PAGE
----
Good on ya!

I'm just getting into the swing of going back to work, after 75 days on lockdown. So, as is my custom, I made a breakfast wrap this morning, took it into the living room to catch the weather and traffic (which is still blessedly light). When I was finished, I took my plate to the kitchen, made a cup of coffee for the road and left.

I got to work and thought, did I leave the stove on? No, couldn't have. I'd have smelled scorched skillet while I was eating and watching the tube. After work I went to the grocery store, picked up a few things and went home. I let me dog out and went to stand in front of the fridge to put away the groceries and felt the heat radiating from the front burner, skillet still on it.

A horrified glance at the knob confirmed, yes, Ray, you Red Forman grade dumbass, you left the stove on. Fortunately the burner was on the lowest setting and the skillet was a carbon steel pan. Which I may or may not have enthused about here. The pan was like, "What? That's all you got?" I may have taken some working life off that burner, which probably was not rated for nine-ish hours of continuous use.


Aw man.

There was one whole year I spent driving back around the block to check if I'd shut the garage door after backing out because I just couldn't trust myself to remember. The one time I was sure I had and didn't check... I came home and it was closed and thought, "I was right! haha!" but then my neighbor came by.

"So you left your garage door open but I was able to reach around inside and hit the button for you..."
Protocols are now in place to, hopefully, prevent a repeat.

75 years ago today, one theater of the largest war in history ended. Linked below is the official radio anouncement read by Winston Churchill at three o'clock in the afternoon, in London.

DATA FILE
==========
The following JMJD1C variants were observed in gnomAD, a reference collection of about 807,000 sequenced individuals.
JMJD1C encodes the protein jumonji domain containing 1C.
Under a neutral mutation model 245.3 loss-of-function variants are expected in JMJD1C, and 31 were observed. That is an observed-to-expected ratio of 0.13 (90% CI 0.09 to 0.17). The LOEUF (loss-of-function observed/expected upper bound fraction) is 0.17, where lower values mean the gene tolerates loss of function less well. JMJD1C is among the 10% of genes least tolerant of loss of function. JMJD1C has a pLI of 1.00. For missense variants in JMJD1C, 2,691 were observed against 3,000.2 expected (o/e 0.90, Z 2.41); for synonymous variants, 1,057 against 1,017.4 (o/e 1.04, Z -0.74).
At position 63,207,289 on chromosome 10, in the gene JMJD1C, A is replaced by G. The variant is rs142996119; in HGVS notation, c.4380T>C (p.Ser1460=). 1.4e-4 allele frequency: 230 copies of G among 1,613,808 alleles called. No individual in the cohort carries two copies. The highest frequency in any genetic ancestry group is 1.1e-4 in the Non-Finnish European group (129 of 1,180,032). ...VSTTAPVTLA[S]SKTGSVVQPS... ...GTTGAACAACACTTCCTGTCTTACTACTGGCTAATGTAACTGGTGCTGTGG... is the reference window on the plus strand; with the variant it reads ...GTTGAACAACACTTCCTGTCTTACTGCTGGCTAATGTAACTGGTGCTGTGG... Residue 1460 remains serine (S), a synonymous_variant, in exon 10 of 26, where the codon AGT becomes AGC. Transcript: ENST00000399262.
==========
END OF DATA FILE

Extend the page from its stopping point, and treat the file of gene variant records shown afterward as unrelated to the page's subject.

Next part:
On April 25th, 1976, two men, protesting the US treatment of American Indians, trespassed onto the outfield at Dodger's Stadium in Los Angeles during the bottom of the fourth inning. they put an American flag on the ground, quickly sprayed it with lighter fluid and attepted to set it alight.

While they fumbled with the matches, Rick Monday, an outfielder for the visiting Chicago Cubs, dashed in, snatched up the flag and ran off to the infield with it. Eventually, he brought it to the Dodger's dugout, handing off to Dodger's pitcher Doug Rau. The protestors were arrested and charged with trespassing.

When Monday came up to bat at the top of the fifth inning, the entire stadium gave him a standing ovation. A digital sign in the outfield flashed the message; "Rick Monday... You Made A Great Play..."

I love when you do these "On this day" segments. It's Cliff Clavin-esque, but better. (But Cliff would probably focus on the brand of matches and why that batch didn't work that day.)


The first iteration of my public mask. Isn't it funny that just a few months ago, antifa members were being told to take off their masks or face arrest. Now we're all wearing masks. If the bank lobbies were still open bank guard would suddenly be the hardest job in America.

My sister says I look like a Marvel comic book villain. She's not wrong. But damn, I need to beat back those eyebrows a little.

Most excellent! And great check matching.
Agreed! The line-up work is schweeeeeet!

This week's Crock Pot Sunday adventure is Butter Chicken sauce. I've never made this before, since, Indian food was never on the menu in rural New England while I was growing up. I am venturing into culinary Terra Incognita.

I blame Jill. Since I had it one time the Philadel group went to an Indian restaurant for dinner. I've kind of been jonesing for it ever since.